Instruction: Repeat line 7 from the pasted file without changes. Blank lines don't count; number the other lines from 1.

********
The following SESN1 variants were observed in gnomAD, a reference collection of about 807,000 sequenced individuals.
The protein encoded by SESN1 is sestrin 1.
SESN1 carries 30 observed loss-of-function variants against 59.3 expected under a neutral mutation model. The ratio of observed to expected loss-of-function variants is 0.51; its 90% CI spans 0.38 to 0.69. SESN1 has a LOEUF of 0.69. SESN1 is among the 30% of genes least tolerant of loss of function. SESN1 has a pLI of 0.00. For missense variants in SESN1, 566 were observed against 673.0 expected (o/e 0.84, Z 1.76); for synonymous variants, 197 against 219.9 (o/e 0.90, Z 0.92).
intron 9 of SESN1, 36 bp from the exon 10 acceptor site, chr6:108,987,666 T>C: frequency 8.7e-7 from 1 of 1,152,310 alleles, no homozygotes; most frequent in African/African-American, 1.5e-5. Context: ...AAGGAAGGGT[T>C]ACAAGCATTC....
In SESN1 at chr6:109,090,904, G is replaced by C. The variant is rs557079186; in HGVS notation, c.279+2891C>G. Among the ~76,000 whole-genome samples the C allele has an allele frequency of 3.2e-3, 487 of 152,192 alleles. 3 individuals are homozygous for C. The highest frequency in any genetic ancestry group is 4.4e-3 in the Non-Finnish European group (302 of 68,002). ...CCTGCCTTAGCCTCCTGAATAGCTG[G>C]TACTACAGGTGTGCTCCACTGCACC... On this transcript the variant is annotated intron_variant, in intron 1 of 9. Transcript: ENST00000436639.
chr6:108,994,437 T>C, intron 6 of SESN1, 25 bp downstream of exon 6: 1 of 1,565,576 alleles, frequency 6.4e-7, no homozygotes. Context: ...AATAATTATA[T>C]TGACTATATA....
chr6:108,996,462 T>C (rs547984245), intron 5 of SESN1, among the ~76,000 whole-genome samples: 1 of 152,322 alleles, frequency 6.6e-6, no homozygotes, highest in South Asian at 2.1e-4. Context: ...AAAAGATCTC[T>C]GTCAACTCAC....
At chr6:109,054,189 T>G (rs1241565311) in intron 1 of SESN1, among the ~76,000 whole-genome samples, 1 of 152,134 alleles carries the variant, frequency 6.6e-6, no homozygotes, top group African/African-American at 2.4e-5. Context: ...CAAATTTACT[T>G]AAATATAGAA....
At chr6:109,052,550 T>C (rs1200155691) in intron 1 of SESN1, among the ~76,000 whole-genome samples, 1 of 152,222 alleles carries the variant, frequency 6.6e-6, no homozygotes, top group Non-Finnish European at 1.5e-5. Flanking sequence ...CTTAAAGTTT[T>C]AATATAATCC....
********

chr6:108,996,462 T>C (rs547984245), intron 5 of SESN1, among the ~76,000 whole-genome samples: 1 of 152,322 alleles, frequency 6.6e-6, no homozygotes, highest in South Asian at 2.1e-4. Context: ...AAAAGATCTC[T>C]GTCAACTCAC....